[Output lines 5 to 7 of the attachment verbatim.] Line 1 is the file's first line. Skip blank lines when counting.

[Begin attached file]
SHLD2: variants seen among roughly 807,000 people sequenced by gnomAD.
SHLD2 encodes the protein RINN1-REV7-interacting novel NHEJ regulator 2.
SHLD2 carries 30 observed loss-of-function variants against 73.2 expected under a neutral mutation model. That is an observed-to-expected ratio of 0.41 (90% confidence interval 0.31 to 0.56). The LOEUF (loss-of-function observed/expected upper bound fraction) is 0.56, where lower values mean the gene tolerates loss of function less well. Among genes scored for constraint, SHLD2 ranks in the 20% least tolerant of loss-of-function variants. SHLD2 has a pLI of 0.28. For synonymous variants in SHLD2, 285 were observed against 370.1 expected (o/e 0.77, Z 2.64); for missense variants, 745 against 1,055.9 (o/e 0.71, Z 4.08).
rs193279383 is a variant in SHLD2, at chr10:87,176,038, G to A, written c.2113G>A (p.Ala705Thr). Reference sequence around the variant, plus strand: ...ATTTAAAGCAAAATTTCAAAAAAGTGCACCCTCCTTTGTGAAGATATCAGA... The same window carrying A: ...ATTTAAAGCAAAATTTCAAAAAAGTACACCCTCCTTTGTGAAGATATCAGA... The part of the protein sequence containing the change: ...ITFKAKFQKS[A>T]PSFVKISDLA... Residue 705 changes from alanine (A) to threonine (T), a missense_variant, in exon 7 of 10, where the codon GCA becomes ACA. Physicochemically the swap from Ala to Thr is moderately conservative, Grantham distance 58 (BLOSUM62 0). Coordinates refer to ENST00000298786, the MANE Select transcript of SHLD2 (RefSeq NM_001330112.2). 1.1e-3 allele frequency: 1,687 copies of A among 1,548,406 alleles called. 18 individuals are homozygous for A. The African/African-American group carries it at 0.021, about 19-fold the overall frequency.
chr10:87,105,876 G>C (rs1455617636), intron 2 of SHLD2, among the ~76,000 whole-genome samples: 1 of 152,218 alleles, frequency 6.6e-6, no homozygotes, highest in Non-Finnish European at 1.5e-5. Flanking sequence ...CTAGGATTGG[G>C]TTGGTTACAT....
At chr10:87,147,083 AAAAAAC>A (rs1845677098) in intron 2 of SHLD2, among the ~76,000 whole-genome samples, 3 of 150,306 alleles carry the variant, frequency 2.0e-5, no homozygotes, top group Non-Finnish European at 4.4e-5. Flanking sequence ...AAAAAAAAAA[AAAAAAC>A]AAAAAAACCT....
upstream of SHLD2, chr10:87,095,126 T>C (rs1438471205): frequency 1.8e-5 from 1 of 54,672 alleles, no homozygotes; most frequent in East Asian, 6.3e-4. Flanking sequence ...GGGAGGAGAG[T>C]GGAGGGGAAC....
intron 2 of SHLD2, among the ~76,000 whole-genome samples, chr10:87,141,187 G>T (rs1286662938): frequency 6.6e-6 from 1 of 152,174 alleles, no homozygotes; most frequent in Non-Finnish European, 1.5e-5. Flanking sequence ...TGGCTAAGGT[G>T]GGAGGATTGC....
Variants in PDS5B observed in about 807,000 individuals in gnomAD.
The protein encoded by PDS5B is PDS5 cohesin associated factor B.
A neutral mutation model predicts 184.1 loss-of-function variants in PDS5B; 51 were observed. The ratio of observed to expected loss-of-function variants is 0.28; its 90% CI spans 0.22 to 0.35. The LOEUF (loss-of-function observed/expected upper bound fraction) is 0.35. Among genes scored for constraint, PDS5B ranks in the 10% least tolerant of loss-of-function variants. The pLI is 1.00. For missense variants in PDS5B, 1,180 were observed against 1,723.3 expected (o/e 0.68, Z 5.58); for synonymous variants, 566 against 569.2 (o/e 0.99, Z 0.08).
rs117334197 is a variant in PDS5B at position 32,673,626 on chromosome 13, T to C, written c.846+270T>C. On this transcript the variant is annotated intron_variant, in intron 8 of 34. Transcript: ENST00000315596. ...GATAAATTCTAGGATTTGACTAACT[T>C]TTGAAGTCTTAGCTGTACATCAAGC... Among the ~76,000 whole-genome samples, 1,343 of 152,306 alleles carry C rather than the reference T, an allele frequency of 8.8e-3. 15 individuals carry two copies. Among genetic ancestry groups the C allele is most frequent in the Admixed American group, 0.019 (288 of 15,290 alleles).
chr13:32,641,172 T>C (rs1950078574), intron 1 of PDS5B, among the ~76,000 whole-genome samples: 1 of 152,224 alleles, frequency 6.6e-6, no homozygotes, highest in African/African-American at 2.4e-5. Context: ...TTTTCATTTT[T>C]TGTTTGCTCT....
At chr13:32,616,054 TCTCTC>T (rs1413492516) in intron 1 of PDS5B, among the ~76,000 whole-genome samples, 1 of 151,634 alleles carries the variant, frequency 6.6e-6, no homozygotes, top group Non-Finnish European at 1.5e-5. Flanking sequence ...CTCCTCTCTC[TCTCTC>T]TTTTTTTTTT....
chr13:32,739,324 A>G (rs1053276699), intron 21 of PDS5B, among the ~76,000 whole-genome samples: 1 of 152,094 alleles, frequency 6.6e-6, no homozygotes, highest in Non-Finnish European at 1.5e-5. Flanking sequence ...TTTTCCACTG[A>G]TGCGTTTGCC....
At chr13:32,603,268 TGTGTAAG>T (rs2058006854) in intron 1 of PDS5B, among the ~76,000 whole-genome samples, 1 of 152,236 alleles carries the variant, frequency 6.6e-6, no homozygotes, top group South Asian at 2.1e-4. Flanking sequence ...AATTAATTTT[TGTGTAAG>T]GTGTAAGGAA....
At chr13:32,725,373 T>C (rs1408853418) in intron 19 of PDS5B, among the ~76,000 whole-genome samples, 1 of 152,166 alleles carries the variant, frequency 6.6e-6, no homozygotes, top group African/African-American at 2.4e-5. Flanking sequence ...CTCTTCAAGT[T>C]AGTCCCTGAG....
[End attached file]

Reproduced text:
chr10:87,105,876 G>C (rs1455617636), intron 2 of SHLD2, among the ~76,000 whole-genome samples: 1 of 152,218 alleles, frequency 6.6e-6, no homozygotes, highest in Non-Finnish European at 1.5e-5. Flanking sequence ...CTAGGATTGG[G>C]TTGGTTACAT....
At chr10:87,147,083 AAAAAAC>A (rs1845677098) in intron 2 of SHLD2, among the ~76,000 whole-genome samples, 3 of 150,306 alleles carry the variant, frequency 2.0e-5, no homozygotes, top group Non-Finnish European at 4.4e-5. Flanking sequence ...AAAAAAAAAA[AAAAAAC>A]AAAAAAACCT....
upstream of SHLD2, chr10:87,095,126 T>C (rs1438471205): frequency 1.8e-5 from 1 of 54,672 alleles, no homozygotes; most frequent in East Asian, 6.3e-4. Flanking sequence ...GGGAGGAGAG[T>C]GGAGGGGAAC....